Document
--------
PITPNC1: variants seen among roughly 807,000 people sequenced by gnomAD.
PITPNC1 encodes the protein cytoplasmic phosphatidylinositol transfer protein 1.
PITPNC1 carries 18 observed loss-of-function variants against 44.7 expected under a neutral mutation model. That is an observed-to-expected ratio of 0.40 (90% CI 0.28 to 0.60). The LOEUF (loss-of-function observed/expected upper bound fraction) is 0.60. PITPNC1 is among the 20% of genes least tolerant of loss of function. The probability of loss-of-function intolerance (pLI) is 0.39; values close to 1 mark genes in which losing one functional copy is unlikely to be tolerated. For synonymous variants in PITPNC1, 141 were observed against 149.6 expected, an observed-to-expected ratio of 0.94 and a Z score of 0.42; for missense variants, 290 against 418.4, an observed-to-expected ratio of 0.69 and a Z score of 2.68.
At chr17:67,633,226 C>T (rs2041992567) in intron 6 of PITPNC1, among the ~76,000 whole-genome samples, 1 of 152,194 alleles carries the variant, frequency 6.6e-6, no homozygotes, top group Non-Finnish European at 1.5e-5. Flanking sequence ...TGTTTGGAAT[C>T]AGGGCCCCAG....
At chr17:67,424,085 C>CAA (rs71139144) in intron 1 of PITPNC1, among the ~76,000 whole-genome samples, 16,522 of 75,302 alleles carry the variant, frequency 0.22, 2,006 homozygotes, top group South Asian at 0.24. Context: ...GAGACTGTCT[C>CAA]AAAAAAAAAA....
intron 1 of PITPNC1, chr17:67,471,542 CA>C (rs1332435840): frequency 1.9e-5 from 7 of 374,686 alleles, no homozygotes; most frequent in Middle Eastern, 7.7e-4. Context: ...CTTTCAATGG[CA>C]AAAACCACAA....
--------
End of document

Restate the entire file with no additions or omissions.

PITPNC1: variants seen among roughly 807,000 people sequenced by gnomAD.
PITPNC1 encodes the protein cytoplasmic phosphatidylinositol transfer protein 1.
PITPNC1 carries 18 observed loss-of-function variants against 44.7 expected under a neutral mutation model. That is an observed-to-expected ratio of 0.40 (90% CI 0.28 to 0.60). The LOEUF (loss-of-function observed/expected upper bound fraction) is 0.60. PITPNC1 is among the 20% of genes least tolerant of loss of function. The probability of loss-of-function intolerance (pLI) is 0.39; values close to 1 mark genes in which losing one functional copy is unlikely to be tolerated. For synonymous variants in PITPNC1, 141 were observed against 149.6 expected, an observed-to-expected ratio of 0.94 and a Z score of 0.42; for missense variants, 290 against 418.4, an observed-to-expected ratio of 0.69 and a Z score of 2.68.
At chr17:67,633,226 C>T (rs2041992567) in intron 6 of PITPNC1, among the ~76,000 whole-genome samples, 1 of 152,194 alleles carries the variant, frequency 6.6e-6, no homozygotes, top group Non-Finnish European at 1.5e-5. Flanking sequence ...TGTTTGGAAT[C>T]AGGGCCCCAG....
At chr17:67,424,085 C>CAA (rs71139144) in intron 1 of PITPNC1, among the ~76,000 whole-genome samples, 16,522 of 75,302 alleles carry the variant, frequency 0.22, 2,006 homozygotes, top group South Asian at 0.24. Context: ...GAGACTGTCT[C>CAA]AAAAAAAAAA....
intron 1 of PITPNC1, chr17:67,471,542 CA>C (rs1332435840): frequency 1.9e-5 from 7 of 374,686 alleles, no homozygotes; most frequent in Middle Eastern, 7.7e-4. Context: ...CTTTCAATGG[CA>C]AAAACCACAA....